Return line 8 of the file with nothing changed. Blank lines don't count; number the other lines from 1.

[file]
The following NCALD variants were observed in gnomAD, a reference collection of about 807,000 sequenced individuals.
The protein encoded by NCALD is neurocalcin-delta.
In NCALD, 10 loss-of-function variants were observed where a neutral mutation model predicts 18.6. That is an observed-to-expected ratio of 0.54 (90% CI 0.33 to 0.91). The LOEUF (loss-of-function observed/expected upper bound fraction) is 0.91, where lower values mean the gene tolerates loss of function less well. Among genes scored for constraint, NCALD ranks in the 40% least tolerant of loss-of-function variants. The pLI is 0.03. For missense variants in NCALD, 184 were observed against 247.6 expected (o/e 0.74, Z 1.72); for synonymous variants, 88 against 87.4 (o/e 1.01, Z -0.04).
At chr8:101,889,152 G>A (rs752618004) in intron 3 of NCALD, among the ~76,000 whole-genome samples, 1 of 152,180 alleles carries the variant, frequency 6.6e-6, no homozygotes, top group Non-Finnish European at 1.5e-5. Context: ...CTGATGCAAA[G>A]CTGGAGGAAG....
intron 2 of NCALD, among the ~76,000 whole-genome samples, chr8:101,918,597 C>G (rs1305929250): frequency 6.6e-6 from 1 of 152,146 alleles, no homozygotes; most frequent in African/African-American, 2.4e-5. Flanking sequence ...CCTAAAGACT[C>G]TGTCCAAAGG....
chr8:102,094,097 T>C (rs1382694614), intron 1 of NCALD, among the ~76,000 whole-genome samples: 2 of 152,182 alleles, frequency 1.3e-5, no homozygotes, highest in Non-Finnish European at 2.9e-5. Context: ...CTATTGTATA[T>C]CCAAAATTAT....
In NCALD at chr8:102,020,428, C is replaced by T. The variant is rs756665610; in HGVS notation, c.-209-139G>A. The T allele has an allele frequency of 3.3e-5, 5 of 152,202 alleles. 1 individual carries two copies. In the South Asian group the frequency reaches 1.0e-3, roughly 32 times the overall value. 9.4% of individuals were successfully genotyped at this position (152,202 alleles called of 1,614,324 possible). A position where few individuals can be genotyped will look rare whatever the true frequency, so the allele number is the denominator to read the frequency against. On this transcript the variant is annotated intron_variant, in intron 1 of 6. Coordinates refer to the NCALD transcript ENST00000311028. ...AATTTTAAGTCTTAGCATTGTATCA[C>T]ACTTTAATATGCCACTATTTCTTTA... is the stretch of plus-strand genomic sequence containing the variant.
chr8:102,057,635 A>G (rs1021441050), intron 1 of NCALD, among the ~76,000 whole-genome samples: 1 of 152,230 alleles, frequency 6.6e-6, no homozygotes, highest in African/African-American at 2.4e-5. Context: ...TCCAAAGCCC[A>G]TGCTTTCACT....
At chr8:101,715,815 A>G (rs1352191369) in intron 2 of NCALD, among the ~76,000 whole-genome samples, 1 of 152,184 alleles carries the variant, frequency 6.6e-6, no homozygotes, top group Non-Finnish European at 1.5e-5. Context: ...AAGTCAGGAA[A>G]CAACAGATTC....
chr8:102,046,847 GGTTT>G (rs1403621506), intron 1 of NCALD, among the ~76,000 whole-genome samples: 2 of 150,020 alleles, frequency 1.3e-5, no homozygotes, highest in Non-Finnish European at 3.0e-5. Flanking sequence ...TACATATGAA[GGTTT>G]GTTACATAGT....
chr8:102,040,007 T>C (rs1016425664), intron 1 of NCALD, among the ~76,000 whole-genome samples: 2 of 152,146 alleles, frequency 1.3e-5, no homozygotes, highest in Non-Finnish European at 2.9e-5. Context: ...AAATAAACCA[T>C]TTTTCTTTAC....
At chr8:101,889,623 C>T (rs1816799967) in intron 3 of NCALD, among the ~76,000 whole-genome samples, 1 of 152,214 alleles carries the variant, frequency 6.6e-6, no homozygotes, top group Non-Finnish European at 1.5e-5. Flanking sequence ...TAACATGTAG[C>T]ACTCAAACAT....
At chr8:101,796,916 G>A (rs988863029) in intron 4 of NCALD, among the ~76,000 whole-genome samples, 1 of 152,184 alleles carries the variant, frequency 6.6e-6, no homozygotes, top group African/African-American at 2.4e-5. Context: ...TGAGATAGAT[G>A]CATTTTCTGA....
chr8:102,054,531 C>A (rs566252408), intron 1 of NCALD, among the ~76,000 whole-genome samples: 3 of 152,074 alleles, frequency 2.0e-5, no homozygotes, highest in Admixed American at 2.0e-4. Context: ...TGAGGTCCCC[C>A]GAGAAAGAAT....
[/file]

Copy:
chr8:102,057,635 A>G (rs1021441050), intron 1 of NCALD, among the ~76,000 whole-genome samples: 1 of 152,230 alleles, frequency 6.6e-6, no homozygotes, highest in African/African-American at 2.4e-5. Context: ...TCCAAAGCCC[A>G]TGCTTTCACT....